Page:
SUNY Oneonta Senior Sets Off on 4,200-Mile Cross-Country Bike Adventure
SUNY Oneonta senior Jami Haynes set off on a 4,200-mile, cross-country bike adventure today with the goal of raising awareness about the Harvest of Hope Foundation, an organization that provides emergency assistance to migrant workers and their families. Haynes, 21, accompanied by her boyfriend and sister, left early Tuesday morning from her home in Central Bridge, N.Y.
An avid runner and hiker, Haynes got the idea for the “Miles for Migrants” bike tour after Harvest of Hope founder and President Phil Kellerman visited one of her education classes, taught by Madeline Berry, this past semester. Her 20-year-old sister, Jena, signed on for the adventure, and then her boyfriend, Caleb Grippin, 23, joined the team.
“I wasn’t very familiar with what a migrant farm worker was and how they contributed to American society, and I was especially touched as a future educator by the support that Harvest of Hope gives to these families and the scholarships that the foundation provides,” Haynes said.
The class did a service-learning project to benefit Harvest of Hope, and Haynes kept the momentum going. She and her sister organized a spaghetti supper, several bake sales and a raffle, as well as giving presentations about Harvest of Hope on campus and in the community. “Spreading awareness of the foundation and how it helps migrant farm workers has been extremely rewarding,” Haynes said. “The community definitely knows a lot more about the contributions of migrant workers because of this project.”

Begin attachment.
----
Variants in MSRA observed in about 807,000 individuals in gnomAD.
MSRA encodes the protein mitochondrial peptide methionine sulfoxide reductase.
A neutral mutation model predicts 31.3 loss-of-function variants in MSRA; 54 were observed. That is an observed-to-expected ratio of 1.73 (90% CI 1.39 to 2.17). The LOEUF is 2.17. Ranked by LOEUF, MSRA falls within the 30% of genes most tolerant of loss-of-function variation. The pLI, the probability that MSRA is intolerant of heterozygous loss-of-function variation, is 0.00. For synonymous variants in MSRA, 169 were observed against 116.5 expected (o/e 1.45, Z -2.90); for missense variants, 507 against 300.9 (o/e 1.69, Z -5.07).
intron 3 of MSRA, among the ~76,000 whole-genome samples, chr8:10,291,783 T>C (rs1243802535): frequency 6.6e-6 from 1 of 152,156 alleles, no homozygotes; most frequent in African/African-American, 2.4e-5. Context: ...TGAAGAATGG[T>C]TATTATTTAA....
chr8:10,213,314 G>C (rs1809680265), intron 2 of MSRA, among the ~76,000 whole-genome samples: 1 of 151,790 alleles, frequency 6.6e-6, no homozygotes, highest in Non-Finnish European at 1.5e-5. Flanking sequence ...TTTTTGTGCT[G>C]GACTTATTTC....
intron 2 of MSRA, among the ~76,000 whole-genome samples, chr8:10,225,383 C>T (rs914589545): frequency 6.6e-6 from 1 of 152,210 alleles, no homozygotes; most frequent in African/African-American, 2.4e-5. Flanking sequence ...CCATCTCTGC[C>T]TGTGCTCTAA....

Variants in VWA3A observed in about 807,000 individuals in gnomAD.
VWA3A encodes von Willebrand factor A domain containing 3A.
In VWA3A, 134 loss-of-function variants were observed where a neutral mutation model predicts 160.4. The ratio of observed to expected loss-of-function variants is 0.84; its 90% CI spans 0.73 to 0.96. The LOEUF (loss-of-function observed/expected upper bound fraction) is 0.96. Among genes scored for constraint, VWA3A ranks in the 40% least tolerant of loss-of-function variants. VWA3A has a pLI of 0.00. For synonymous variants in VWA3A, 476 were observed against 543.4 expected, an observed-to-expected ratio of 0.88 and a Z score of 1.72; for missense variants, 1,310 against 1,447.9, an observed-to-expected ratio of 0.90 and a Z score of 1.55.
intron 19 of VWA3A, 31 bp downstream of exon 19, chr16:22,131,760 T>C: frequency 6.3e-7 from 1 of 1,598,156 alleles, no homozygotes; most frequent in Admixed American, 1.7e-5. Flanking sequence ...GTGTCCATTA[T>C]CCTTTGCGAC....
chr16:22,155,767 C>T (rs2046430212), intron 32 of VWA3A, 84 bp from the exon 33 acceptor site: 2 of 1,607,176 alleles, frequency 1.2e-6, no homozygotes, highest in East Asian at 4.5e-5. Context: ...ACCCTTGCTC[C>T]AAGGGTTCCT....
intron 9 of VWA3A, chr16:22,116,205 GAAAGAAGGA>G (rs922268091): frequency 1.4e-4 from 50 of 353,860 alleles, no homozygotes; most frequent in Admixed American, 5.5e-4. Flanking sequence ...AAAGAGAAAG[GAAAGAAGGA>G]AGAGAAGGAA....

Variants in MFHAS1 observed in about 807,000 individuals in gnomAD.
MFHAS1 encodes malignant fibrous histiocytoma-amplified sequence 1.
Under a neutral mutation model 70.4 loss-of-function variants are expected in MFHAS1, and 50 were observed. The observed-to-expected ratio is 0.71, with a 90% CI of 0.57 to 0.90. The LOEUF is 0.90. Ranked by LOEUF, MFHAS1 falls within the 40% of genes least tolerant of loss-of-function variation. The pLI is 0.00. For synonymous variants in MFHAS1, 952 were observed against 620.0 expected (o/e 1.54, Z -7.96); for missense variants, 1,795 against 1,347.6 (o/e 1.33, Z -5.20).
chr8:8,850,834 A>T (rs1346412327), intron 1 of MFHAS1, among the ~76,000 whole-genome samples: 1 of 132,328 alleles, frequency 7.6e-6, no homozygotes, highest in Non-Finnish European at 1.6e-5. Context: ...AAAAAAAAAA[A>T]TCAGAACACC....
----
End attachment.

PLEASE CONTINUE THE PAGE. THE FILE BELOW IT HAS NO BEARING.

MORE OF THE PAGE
Haynes hopes to continue raising awareness by meeting with media outlets during her journey. The trio plans to ride about 60 to 80 miles per day, camping and staying with friends and family members en route to San Francisco. They have been training for the trip for about three months, logging several hundred miles of short and long rides.
The Harvest of Hope Foundation was established in 1997, when Kellerman worked at ESCORT, a migrant education resource center based at SUNY Oneonta. In addition to its affiliation with ESCORT, SUNY Oneonta has operated a College Assistance Migrant Program (CAMP) since 2001. Created in 1972, CAMP is a federally-funded scholarship program that helps students from migrant and seasonal farm-working families pursue higher education.
ESCORT senior programmer analyst Bob Thomas, a friend of Kellerman’s, loaned Haynes and her crew three touring bikes and trailers. Thomas, who completed a cross-country bicycling trip himself back in 1976, was on hand for the send-off Tuesday, offering last-minute tips and advice.
An elementary education major with a concentration in social studies, Haynes will share experiences from her trip this fall as a student teacher at Cobleskill Elementary School.
She will also chronicle her adventures throughout the 11-week journey on the blog: www.crazyguyonabike.com/sistahbikers.